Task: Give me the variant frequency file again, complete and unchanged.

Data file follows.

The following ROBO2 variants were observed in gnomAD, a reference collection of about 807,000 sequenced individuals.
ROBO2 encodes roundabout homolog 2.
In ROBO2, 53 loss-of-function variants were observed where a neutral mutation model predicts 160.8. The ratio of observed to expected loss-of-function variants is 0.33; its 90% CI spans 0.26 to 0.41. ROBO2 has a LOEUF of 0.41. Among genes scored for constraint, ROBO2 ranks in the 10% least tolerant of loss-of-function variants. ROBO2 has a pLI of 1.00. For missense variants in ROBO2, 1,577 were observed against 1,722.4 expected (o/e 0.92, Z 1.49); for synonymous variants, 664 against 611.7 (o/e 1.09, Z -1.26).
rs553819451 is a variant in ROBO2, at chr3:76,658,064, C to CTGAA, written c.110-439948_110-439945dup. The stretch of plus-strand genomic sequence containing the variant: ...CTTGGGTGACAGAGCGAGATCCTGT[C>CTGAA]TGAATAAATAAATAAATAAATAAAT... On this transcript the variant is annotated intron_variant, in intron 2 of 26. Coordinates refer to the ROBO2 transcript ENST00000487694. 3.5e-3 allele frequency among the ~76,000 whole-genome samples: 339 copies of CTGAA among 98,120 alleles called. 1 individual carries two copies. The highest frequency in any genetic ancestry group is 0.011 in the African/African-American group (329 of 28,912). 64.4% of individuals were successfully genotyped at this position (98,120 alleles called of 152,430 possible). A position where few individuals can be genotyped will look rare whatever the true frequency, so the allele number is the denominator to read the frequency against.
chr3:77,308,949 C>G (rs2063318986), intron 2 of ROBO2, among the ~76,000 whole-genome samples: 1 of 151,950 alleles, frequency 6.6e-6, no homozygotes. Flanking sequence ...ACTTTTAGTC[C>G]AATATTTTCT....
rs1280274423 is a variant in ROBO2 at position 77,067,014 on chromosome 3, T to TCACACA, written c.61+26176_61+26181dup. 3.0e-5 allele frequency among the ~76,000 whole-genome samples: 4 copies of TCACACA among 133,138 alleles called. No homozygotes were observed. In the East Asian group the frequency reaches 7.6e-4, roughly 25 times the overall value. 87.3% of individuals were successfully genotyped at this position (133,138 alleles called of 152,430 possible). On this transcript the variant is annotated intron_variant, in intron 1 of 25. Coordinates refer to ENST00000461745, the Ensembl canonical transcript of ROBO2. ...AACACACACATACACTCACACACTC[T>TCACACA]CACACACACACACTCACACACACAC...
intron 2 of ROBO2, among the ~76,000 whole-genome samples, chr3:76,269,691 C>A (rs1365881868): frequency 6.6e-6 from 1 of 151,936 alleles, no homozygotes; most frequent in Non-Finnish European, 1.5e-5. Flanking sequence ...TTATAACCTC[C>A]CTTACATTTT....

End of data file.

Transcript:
The following ROBO2 variants were observed in gnomAD, a reference collection of about 807,000 sequenced individuals.
ROBO2 encodes roundabout homolog 2.
In ROBO2, 53 loss-of-function variants were observed where a neutral mutation model predicts 160.8. The ratio of observed to expected loss-of-function variants is 0.33; its 90% CI spans 0.26 to 0.41. ROBO2 has a LOEUF of 0.41. Among genes scored for constraint, ROBO2 ranks in the 10% least tolerant of loss-of-function variants. ROBO2 has a pLI of 1.00. For missense variants in ROBO2, 1,577 were observed against 1,722.4 expected (o/e 0.92, Z 1.49); for synonymous variants, 664 against 611.7 (o/e 1.09, Z -1.26).
rs553819451 is a variant in ROBO2, at chr3:76,658,064, C to CTGAA, written c.110-439948_110-439945dup. The stretch of plus-strand genomic sequence containing the variant: ...CTTGGGTGACAGAGCGAGATCCTGT[C>CTGAA]TGAATAAATAAATAAATAAATAAAT... On this transcript the variant is annotated intron_variant, in intron 2 of 26. Coordinates refer to the ROBO2 transcript ENST00000487694. 3.5e-3 allele frequency among the ~76,000 whole-genome samples: 339 copies of CTGAA among 98,120 alleles called. 1 individual carries two copies. The highest frequency in any genetic ancestry group is 0.011 in the African/African-American group (329 of 28,912). 64.4% of individuals were successfully genotyped at this position (98,120 alleles called of 152,430 possible). A position where few individuals can be genotyped will look rare whatever the true frequency, so the allele number is the denominator to read the frequency against.
chr3:77,308,949 C>G (rs2063318986), intron 2 of ROBO2, among the ~76,000 whole-genome samples: 1 of 151,950 alleles, frequency 6.6e-6, no homozygotes. Flanking sequence ...ACTTTTAGTC[C>G]AATATTTTCT....
rs1280274423 is a variant in ROBO2 at position 77,067,014 on chromosome 3, T to TCACACA, written c.61+26176_61+26181dup. 3.0e-5 allele frequency among the ~76,000 whole-genome samples: 4 copies of TCACACA among 133,138 alleles called. No homozygotes were observed. In the East Asian group the frequency reaches 7.6e-4, roughly 25 times the overall value. 87.3% of individuals were successfully genotyped at this position (133,138 alleles called of 152,430 possible). On this transcript the variant is annotated intron_variant, in intron 1 of 25. Coordinates refer to ENST00000461745, the Ensembl canonical transcript of ROBO2. ...AACACACACATACACTCACACACTC[T>TCACACA]CACACACACACACTCACACACACAC...
intron 2 of ROBO2, among the ~76,000 whole-genome samples, chr3:76,269,691 C>A (rs1365881868): frequency 6.6e-6 from 1 of 151,936 alleles, no homozygotes; most frequent in Non-Finnish European, 1.5e-5. Flanking sequence ...TTATAACCTC[C>A]CTTACATTTT....